The law and early childhood development centres

It is a fact that Early Childhood Development Centres in South Africa like any other established business operate under the country’s legislative framework. Compliance of Early Childhood Development facilities is critical because the compliance ensures proper safety oversight by the Government and its mandated training and experience for staff to care for children is adhered to.

It is from this background that Early Childhood Development (ECD) Upliftment Projects and Consulting was established to help reduce the number of Early Childhood Development Centres operating illegally. ECD upliftment Projects and Consulting assists ECD Centres to move from non-compliant to full compliant status in approximately 16 months which leads to ECD Centres optimising learner intake, increasing funding prospects and increasing profits.

What are the dangers of running an illegal ECD Centre?

Early Childhood Development is covered in the Children’s Act, the National Integrated Early Childhood Development Policy, the National Development Plan, just to mention a few.  To operate an ECD Centre, one needs to receive Consent from Town Planning, then register with the Department of Health and finally register with the Department of Social Development.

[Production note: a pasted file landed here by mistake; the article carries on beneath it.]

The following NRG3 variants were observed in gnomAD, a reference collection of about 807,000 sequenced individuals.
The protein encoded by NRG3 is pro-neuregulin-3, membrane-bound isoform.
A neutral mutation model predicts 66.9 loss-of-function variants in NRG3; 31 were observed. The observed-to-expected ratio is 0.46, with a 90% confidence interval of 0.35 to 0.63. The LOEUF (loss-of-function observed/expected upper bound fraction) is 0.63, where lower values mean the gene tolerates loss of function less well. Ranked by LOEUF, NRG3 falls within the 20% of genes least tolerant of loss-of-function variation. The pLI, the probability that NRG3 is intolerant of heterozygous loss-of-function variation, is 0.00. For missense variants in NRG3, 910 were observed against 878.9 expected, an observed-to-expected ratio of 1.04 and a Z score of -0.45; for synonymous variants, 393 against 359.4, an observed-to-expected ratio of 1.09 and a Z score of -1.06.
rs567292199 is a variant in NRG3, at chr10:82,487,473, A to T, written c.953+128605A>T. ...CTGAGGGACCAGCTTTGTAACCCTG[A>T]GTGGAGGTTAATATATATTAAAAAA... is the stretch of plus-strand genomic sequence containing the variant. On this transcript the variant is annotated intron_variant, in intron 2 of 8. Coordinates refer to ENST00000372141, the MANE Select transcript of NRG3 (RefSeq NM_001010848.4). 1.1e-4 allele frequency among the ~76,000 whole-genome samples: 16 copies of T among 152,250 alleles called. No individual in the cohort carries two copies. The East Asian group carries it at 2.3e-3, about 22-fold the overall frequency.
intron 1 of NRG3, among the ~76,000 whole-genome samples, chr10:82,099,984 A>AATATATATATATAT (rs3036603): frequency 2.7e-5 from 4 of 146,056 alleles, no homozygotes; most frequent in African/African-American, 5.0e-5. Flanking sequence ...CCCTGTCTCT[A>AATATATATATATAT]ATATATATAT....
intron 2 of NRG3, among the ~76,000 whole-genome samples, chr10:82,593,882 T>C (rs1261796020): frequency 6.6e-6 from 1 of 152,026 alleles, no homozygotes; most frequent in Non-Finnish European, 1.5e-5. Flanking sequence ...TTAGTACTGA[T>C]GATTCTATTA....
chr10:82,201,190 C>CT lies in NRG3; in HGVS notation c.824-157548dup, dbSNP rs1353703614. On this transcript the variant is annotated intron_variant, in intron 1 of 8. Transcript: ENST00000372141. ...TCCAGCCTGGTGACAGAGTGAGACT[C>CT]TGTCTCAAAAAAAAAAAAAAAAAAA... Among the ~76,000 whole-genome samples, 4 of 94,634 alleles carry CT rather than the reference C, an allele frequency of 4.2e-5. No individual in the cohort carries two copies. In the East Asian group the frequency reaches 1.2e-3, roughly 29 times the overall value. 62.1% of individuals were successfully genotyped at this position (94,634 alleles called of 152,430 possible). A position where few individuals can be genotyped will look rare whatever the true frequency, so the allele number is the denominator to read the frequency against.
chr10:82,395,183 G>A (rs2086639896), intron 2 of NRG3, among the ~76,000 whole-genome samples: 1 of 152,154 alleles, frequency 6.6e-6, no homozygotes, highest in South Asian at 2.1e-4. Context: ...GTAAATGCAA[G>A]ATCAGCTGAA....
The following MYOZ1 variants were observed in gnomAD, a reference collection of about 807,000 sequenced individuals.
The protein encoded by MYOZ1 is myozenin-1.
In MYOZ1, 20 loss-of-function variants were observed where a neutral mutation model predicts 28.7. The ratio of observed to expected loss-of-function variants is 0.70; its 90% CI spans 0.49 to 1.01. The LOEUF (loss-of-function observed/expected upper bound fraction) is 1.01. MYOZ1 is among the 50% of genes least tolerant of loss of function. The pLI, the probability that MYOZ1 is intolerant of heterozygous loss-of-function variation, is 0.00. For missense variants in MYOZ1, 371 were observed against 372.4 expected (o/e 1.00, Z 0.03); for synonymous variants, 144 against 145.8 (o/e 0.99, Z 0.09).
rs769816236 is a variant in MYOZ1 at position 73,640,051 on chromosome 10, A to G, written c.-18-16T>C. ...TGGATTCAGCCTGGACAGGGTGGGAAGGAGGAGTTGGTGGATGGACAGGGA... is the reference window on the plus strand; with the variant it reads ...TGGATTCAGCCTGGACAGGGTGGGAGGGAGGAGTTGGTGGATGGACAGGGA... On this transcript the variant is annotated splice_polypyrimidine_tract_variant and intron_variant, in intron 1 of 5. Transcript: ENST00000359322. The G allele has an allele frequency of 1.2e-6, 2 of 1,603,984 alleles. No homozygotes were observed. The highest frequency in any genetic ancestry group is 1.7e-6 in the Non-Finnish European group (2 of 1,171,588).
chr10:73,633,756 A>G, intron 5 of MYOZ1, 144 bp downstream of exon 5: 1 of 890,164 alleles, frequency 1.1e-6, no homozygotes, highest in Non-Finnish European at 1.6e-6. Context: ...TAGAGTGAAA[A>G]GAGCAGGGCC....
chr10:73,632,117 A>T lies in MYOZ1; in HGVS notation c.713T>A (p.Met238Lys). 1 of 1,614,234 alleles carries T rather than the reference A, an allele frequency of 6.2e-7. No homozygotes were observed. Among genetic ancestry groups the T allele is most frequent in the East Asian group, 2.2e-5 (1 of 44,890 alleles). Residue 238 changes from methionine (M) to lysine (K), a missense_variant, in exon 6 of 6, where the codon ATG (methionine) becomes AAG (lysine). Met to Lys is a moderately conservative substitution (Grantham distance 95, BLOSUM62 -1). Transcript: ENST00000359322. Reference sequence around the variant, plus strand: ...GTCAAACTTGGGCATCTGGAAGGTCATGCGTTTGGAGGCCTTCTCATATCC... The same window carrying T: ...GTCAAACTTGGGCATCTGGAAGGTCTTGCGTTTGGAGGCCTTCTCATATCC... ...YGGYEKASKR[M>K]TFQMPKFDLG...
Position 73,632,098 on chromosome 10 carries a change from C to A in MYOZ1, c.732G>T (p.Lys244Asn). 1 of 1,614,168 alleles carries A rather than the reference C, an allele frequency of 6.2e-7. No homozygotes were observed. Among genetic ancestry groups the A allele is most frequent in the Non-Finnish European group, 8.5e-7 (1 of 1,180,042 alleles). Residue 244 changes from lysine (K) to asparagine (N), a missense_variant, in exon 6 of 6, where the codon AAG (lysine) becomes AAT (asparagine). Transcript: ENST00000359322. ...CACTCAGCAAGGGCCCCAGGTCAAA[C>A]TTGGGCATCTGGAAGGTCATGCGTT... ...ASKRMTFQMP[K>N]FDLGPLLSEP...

Once all inspections are done to the premises by the various departments and, if all is in order, Consent will be granted.

The next step will be for the owner to lodge an application with the Department of Health as well as the Department of Social Development.  These applications will include information such as the number of children to be accommodated, the qualifications of the applicant and its staff, the business hours of the facility, curriculum offered at the various age groups, to mention just a few.  Should the premises be found compliant, the Departments will then issue a certificate for the facility. The certificate will reflect important information such as the number of children for which the premises is suitable, the hours of operation and the owner’s details. Registered ECD Centres are routinely inspected by the district Environmental Health Practitioner. Failure to adhere to laid down legislation and policies can result in serious legal penalties or even closure.

As a parent or guardian, what do you look for when searching for an ECD Centre?

  1. Watch how the providers interact with the children. Is there one-on-one time and conversation? Do the caregivers speak in cheerful, patient tones?
  2. Listen to the children. Do they sound happy and involved? Too much noise may signal a lack of control; too little may mean a lack of activity.
  3. Count the ratio of children to staff members.
  4. Interview the Owner or Principal of the ECD Centre. Ask if the Practitioners and care givers are trained in early child development and how many years of experience do they have.
  5. Inquire about the frequency of staff turnover and ask about the compliance status of the ECD Centre.

The information above is a very small drop in the ocean as to how ECD Centres operate in relation to the law. More detailed information will follow on the compliance of ECD Centres. For more information regarding ECD centres, you can visit



Latest News


Next Story x
The law and early childhood development centres